The death rattle of the American dream. That’s what we’re witnessing.
Do you know anyone who thinks their vote matters? Anyone who believes Washington hears their voice? Do you know one person whom you respect who believes the nation is headed in the right direction? Who believes the next generation will be better off than this one? Than the generation before?
Of course, you don’t.
The contraction of a democracy brings with it the kind of men who come before an end, the John the Baptists and the AntiChrists, the ones that warn you of your demise and offer the promise of resurrection. (Which of those fates you experience, of course, depends on you. It always depends on you.)
When the voices first rose in late 2008, what would become the Tea Party wasn’t conservative. It wasn’t liberal. It was men and women from across the spectrum enraged at Washington for giving our money (yours, mine) to Wall Street bankers — and then hanging us out to dry. It was grassroots. It wanted justice. It demanded that our government act on our behalf. Then it was coopted by the far right.
Donald Trump and Bernie Sanders are surging because we the people want to be heard. No more platitudes. No more hedging. We want candidates standing where we stand. And no matter which side you’re on, one of these two men echo back your cries: Put us at the front of the line — before Wall Street, before non-Americans, before those who are buying our politicians and robbing us of our voice.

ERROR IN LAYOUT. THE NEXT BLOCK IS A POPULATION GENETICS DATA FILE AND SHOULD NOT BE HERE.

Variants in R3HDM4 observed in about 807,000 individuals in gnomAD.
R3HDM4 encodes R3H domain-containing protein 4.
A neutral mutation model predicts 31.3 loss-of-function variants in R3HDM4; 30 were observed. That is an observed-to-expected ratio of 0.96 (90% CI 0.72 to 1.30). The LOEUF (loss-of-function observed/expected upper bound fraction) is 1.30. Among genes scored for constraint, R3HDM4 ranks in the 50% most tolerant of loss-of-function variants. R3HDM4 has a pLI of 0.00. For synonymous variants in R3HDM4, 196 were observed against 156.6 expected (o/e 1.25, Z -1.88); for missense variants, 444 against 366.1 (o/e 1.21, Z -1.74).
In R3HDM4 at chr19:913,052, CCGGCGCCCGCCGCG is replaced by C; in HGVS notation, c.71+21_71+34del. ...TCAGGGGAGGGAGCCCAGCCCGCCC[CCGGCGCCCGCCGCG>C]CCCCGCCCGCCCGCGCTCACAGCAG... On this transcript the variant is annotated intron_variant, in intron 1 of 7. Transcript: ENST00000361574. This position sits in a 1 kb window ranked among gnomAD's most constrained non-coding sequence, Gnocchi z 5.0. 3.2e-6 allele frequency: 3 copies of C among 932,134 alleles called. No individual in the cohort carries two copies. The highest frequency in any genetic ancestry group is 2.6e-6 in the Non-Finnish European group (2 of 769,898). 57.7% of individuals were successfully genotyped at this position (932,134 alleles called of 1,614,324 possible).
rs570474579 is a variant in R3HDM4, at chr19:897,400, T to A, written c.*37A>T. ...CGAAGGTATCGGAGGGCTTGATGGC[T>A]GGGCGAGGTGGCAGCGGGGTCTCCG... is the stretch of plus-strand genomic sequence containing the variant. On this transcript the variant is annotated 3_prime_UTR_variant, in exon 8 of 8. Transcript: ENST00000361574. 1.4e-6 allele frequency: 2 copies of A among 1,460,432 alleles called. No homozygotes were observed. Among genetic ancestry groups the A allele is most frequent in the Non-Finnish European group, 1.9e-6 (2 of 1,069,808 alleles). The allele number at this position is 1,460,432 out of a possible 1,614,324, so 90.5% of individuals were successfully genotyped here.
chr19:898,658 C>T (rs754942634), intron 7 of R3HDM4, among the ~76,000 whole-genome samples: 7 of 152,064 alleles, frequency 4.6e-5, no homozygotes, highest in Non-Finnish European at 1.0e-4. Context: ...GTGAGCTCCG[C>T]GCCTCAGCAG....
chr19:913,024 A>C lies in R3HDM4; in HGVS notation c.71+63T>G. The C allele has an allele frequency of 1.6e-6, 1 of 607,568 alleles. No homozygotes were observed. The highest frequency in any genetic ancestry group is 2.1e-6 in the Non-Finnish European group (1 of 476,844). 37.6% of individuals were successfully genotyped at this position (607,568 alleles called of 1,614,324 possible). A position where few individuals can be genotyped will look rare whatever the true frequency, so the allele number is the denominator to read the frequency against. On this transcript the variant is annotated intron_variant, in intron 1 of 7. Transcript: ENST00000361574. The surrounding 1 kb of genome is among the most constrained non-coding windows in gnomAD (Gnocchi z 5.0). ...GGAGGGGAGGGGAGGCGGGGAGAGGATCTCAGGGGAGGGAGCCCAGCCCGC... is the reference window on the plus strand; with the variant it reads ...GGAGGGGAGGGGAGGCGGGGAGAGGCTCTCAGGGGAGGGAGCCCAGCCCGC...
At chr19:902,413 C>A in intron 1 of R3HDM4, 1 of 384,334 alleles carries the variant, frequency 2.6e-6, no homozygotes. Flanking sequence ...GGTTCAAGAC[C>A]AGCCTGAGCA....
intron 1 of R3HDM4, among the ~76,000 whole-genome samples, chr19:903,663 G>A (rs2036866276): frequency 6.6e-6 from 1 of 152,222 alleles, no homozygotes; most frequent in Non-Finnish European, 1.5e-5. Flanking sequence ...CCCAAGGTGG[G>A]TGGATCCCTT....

Donald Trump and Bernie Sanders are our clarion call to Washington that we’re fed up with its narcissism, a message to the powers that be that the people who rose up seven years ago with the Tea Party, the real Tea Party that breathed fire before the Kochs and Fox News harnessed it, are alive and well and still raging at the injustice that’s been leveled at our feet.
But we are not satiated by our anger.
We want good paying jobs. We want to own our own homes again. We want to know what it’s like to have a savings account and what forty-hour work weeks and two week vacations feel like. We want to see our kids walk across the stage after their college education and know they aren’t shackled to student debt but about to embark on a fantastic new adventure. And we want to know our elderly parents won’t die in poverty.
To put it simply: We want our country back.
And through our votes for these two disparate men we are asserting that we expect those whom we’ve elected to turn from the bribery they’re engaging in to the service of three hundred twenty million American futures — and not merely their own.
We are living in a Mr. Smith Goes to Washington moment. We, right and left, have created that moment. And if Washington listens, the Republican and Democratic parties and America itself might just be revived. But if Washington does not listen…